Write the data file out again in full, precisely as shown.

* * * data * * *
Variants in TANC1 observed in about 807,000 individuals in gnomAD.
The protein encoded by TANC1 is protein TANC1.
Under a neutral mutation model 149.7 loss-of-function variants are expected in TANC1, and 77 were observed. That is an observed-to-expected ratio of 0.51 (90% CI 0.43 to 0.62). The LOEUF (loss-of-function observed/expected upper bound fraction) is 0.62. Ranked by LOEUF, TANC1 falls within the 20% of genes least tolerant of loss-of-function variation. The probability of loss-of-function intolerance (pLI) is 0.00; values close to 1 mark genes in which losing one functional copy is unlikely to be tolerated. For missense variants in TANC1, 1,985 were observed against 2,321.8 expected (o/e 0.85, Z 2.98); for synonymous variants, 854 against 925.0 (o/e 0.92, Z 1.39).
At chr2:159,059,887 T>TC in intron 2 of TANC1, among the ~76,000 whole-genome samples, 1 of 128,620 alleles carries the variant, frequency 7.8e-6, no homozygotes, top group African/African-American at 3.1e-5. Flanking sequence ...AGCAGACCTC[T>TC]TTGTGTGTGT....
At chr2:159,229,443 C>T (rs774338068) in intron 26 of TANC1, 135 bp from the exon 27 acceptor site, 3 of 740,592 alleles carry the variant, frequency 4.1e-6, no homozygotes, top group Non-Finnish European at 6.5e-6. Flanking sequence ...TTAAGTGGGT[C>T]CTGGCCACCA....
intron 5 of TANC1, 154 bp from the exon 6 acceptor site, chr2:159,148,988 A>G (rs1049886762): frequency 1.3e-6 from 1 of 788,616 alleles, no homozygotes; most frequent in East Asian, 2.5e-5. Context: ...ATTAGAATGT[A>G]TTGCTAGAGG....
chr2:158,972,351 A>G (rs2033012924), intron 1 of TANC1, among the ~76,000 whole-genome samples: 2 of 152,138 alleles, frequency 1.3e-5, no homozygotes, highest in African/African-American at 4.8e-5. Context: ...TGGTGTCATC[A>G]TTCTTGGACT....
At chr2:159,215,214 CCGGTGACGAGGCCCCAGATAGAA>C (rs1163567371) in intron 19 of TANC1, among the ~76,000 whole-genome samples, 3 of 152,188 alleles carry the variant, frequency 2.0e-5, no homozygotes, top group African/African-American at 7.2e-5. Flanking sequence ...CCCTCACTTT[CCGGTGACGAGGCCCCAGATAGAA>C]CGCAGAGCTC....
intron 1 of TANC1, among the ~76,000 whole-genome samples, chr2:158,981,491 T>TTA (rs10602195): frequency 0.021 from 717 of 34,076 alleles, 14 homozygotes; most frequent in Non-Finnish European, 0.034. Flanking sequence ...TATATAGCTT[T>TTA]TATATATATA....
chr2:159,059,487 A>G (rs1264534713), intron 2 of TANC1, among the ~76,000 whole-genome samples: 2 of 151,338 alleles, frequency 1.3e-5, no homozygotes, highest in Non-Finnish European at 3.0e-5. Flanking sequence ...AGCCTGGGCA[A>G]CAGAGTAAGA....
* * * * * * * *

Variants in TANC1 observed in about 807,000 individuals in gnomAD.
The protein encoded by TANC1 is protein TANC1.
Under a neutral mutation model 149.7 loss-of-function variants are expected in TANC1, and 77 were observed. That is an observed-to-expected ratio of 0.51 (90% CI 0.43 to 0.62). The LOEUF (loss-of-function observed/expected upper bound fraction) is 0.62. Ranked by LOEUF, TANC1 falls within the 20% of genes least tolerant of loss-of-function variation. The probability of loss-of-function intolerance (pLI) is 0.00; values close to 1 mark genes in which losing one functional copy is unlikely to be tolerated. For missense variants in TANC1, 1,985 were observed against 2,321.8 expected (o/e 0.85, Z 2.98); for synonymous variants, 854 against 925.0 (o/e 0.92, Z 1.39).
At chr2:159,059,887 T>TC in intron 2 of TANC1, among the ~76,000 whole-genome samples, 1 of 128,620 alleles carries the variant, frequency 7.8e-6, no homozygotes, top group African/African-American at 3.1e-5. Flanking sequence ...AGCAGACCTC[T>TC]TTGTGTGTGT....
At chr2:159,229,443 C>T (rs774338068) in intron 26 of TANC1, 135 bp from the exon 27 acceptor site, 3 of 740,592 alleles carry the variant, frequency 4.1e-6, no homozygotes, top group Non-Finnish European at 6.5e-6. Flanking sequence ...TTAAGTGGGT[C>T]CTGGCCACCA....
intron 5 of TANC1, 154 bp from the exon 6 acceptor site, chr2:159,148,988 A>G (rs1049886762): frequency 1.3e-6 from 1 of 788,616 alleles, no homozygotes; most frequent in East Asian, 2.5e-5. Context: ...ATTAGAATGT[A>G]TTGCTAGAGG....
chr2:158,972,351 A>G (rs2033012924), intron 1 of TANC1, among the ~76,000 whole-genome samples: 2 of 152,138 alleles, frequency 1.3e-5, no homozygotes, highest in African/African-American at 4.8e-5. Context: ...TGGTGTCATC[A>G]TTCTTGGACT....
At chr2:159,215,214 CCGGTGACGAGGCCCCAGATAGAA>C (rs1163567371) in intron 19 of TANC1, among the ~76,000 whole-genome samples, 3 of 152,188 alleles carry the variant, frequency 2.0e-5, no homozygotes, top group African/African-American at 7.2e-5. Flanking sequence ...CCCTCACTTT[CCGGTGACGAGGCCCCAGATAGAA>C]CGCAGAGCTC....
intron 1 of TANC1, among the ~76,000 whole-genome samples, chr2:158,981,491 T>TTA (rs10602195): frequency 0.021 from 717 of 34,076 alleles, 14 homozygotes; most frequent in Non-Finnish European, 0.034. Flanking sequence ...TATATAGCTT[T>TTA]TATATATATA....
chr2:159,059,487 A>G (rs1264534713), intron 2 of TANC1, among the ~76,000 whole-genome samples: 2 of 151,338 alleles, frequency 1.3e-5, no homozygotes, highest in Non-Finnish European at 3.0e-5. Flanking sequence ...AGCCTGGGCA[A>G]CAGAGTAAGA....